Strap on your most comfortable walking shoes, because the Burlington Discover Jazz Festival is going to put your feet through the wringer this week. From strolling up and down Church Street to tapping your toes or cutting a rug to sprinting from one stage to another, your dogs are going to be yapping their little heads off. Given that the festival runs for 10 days — Friday, June 1, through Sunday, June 10 — you may want to invest in some cushion insoles or orthotics.
That's doubly true should you stroll across the Winooski River for Discover Winooski — maybe just take a cab, though. The ever-growing Onion City arm of the BDJF enters its third year, and again features an array of performances across a wide spectrum of genres. Beloved club DJ and certified Prince aficionado Craig Mitchell coordinated and curated the extension, which runs on the same dates as the larger festival. And much like indie-music hubbub Waking Windows, Discover Winooski events pop up in various places around — and inside — the Winooski roundabout.
Speaking of Mitchell, those hoping to catch another round of the DJ's tribute to the Purple One are in for a special treat. Mitchell and man-of-1,000-bands Matt Hagen team up for an intimate acoustic Prince session on Sunday, June 3, at Asian Bistro. Bittersweet fact: Prince's birthday is next week. The legendary figure, who passed away in 2016, would have turned 60 on Thursday, June 7.
In an email to Seven Days, Mitchell says he and Hagen anticipate that folks will sing along to the artist's megahits. But they also plan to dig into Prince's massive catalog for some deep cuts. And given both Mitchell's and Hagen's versatility, we can expect some clever reinventions — maybe a countrified version of "Let's Go Crazy"?
A few noteworthy happenings unfold in the park inside the infamous traffic circle. On Saturday, June 2, you can work your body and clear your mind with guitarist Bob Gagnon's jazz yoga session. Hopefully the constant flow of traffic — both in the streets and in the air — won't be too distracting for those trying to perfect a peacock pose or some other complicated stance.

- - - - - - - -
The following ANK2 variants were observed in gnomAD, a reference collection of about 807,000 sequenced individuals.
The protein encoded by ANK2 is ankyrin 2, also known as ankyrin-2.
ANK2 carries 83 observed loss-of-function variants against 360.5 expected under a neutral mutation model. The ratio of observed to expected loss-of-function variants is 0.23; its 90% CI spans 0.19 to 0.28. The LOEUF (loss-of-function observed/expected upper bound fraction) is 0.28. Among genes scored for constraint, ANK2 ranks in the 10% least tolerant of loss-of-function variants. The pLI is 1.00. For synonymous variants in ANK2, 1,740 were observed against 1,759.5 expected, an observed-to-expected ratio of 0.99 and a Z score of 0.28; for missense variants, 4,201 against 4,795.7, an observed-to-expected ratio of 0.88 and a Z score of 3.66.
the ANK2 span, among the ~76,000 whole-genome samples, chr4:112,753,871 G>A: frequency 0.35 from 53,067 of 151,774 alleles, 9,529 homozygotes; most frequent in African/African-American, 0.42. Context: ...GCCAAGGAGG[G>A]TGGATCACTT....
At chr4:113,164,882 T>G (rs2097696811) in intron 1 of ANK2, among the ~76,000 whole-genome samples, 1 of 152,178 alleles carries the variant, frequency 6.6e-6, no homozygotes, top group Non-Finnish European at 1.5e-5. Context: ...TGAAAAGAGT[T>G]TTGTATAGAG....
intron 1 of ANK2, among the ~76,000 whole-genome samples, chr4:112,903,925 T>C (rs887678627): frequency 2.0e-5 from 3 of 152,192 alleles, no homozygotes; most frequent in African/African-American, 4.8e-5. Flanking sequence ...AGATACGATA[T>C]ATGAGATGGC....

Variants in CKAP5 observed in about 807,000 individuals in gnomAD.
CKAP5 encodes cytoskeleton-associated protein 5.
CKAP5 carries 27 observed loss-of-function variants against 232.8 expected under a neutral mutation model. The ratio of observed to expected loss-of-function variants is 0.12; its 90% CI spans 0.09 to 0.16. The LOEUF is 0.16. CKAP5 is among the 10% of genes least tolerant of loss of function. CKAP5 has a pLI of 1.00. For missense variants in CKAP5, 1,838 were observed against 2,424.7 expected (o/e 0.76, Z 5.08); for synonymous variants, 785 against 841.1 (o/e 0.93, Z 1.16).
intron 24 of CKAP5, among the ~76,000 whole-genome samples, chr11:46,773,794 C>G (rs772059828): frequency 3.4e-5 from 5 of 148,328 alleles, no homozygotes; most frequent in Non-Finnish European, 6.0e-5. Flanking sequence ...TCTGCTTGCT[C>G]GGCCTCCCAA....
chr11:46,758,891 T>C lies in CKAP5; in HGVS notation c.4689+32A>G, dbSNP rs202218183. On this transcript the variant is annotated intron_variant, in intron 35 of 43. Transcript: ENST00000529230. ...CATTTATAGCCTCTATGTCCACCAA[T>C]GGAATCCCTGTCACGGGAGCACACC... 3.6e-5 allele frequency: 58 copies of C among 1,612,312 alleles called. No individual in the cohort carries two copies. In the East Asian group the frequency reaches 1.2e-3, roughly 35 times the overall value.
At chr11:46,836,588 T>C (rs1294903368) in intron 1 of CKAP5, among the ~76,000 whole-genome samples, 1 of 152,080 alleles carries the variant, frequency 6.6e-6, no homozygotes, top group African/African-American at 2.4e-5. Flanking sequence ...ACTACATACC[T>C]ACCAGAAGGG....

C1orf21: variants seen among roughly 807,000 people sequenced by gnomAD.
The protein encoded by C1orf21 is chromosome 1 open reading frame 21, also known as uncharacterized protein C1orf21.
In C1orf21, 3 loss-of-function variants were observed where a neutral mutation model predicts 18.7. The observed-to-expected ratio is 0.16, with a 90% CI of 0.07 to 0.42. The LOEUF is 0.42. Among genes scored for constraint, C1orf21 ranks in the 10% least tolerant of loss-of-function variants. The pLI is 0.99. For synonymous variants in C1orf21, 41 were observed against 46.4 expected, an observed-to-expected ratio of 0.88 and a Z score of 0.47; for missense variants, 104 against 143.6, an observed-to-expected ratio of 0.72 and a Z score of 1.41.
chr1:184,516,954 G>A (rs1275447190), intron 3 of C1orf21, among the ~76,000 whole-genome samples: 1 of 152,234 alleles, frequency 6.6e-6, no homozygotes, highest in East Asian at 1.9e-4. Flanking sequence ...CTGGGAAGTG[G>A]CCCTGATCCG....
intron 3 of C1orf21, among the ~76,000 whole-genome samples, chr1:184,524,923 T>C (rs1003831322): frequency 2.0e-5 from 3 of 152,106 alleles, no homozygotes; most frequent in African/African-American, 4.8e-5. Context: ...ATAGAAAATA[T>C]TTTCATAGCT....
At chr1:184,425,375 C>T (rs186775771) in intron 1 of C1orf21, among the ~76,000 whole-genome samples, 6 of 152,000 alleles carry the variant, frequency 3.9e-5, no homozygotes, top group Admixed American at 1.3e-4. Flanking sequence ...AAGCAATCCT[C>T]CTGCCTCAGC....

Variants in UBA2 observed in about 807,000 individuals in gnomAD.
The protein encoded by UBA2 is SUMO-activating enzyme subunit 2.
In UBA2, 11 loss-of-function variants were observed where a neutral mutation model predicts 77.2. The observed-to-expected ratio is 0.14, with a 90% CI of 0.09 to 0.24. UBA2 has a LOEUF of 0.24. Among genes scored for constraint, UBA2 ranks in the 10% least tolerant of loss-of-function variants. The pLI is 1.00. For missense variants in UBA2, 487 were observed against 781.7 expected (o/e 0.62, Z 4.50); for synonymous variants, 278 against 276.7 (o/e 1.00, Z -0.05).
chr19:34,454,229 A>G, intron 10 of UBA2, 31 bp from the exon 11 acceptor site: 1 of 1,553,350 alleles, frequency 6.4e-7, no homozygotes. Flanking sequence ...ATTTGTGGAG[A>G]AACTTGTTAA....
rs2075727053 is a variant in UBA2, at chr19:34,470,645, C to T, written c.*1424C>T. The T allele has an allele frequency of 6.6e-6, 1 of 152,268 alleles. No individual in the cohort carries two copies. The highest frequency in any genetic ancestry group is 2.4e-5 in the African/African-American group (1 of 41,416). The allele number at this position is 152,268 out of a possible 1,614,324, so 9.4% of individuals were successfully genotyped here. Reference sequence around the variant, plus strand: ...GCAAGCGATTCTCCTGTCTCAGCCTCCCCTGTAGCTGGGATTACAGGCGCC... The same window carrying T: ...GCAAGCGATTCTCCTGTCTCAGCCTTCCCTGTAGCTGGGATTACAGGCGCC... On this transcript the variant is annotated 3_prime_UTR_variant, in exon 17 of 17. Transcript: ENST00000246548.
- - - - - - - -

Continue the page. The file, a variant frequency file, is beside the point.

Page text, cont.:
Looking slightly ahead to next week, on Wednesday, June 6, West African fusion group Sabouyouma straddle both Discover Winooski and the kickoff of Winooski Wednesdays, the latter a monthly concert series on the first Wednesday of every month from June through October. On Friday, June 8, instrumental jazz-hop outfit Japhy Ryder take over Waterworks Food + Drink. Meanwhile, hip-hop descends on the rotary recreation area with DJ Dakota, S.I.N.siZZle, Konflik and vertically integrated collective 99 Neighbors.
As is often the case during the BDJF proper, many Discover Winooski acts perform multiple sets — which is great, because you're less likely to miss out on anything. Visit the City of Winooski's Facebook page for the full Discover Winooski lineup.
(More) Tips for the Band(s)
Back in March in this column, I outlined seven tips for musicians seeking press coverage, in both Seven Days and media outlets beyond. But I think I may have glossed over some things, particularly regarding submitting albums for review.
On a few occasions during my relatively short time holding down this post, local artists have released new records and haven't submitted them for coverage. To be clear: By no means is there a law that says local musicians have to submit their work to 7D. But when said artists are asked why they didn't float their albums our way, they invariably respond with something like, "Oh, I don't really know how any of that stuff works." Or, "I'm just not good at promoting myself."
These are justifiable explanations. Most people are not born with innate publicity and promotional skills, and submitting any kind of creative work for review, in any publication, can be nerve-racking. So I'd like to demystify the process a bit to make it seem less complicated or intimidating.
It's really simple: Just send me an email announcing your project and requesting a review — preferably one to two months prior to said project's release. A common mistake is waiting until the week before a record release party to submit. That's almost always too late. I know that sometimes time lines are murky and things invariably fall into place at the last minute, making it difficult to accurately project every detail of an album's release. But do your best to plan ahead.
In your email, include a digital version of your album, regardless of physical releases. If you're dropping a cassette or vinyl LP, definitely send those in, too. We love analog. If a CD is the only physical edition you plan to make, feel free to just send along a link to a stream or digital audio files through Dropbox, Google Drive or some other file-sharing service. Make sure to include your album art and track info, as well as liner notes if you have them.
Furthermore, if you intend to only release your work on CD, I'd like to discourage you from doing so and instead suggest you upload your music to a streaming platform. CD players and optical drives are becoming a thing of the past, and they're just kind of a pain in the ass. Plenty of folks still use them, but you'll serve yourself better — as in, reach more ears — by uploading your work to Spotify or Apple Music, as well, or by creating a Bandcamp or SoundCloud page for your music. But be warned: Most platforms charge fees to varying degrees.
Finally, know that Seven Days receives a deluge of releases throughout the year. Because we review only two albums per week, we get backed up pretty quickly. Feel free to check in if it's been a while since you submitted. And if you have new info, such as a date for a release show, definitely send it along.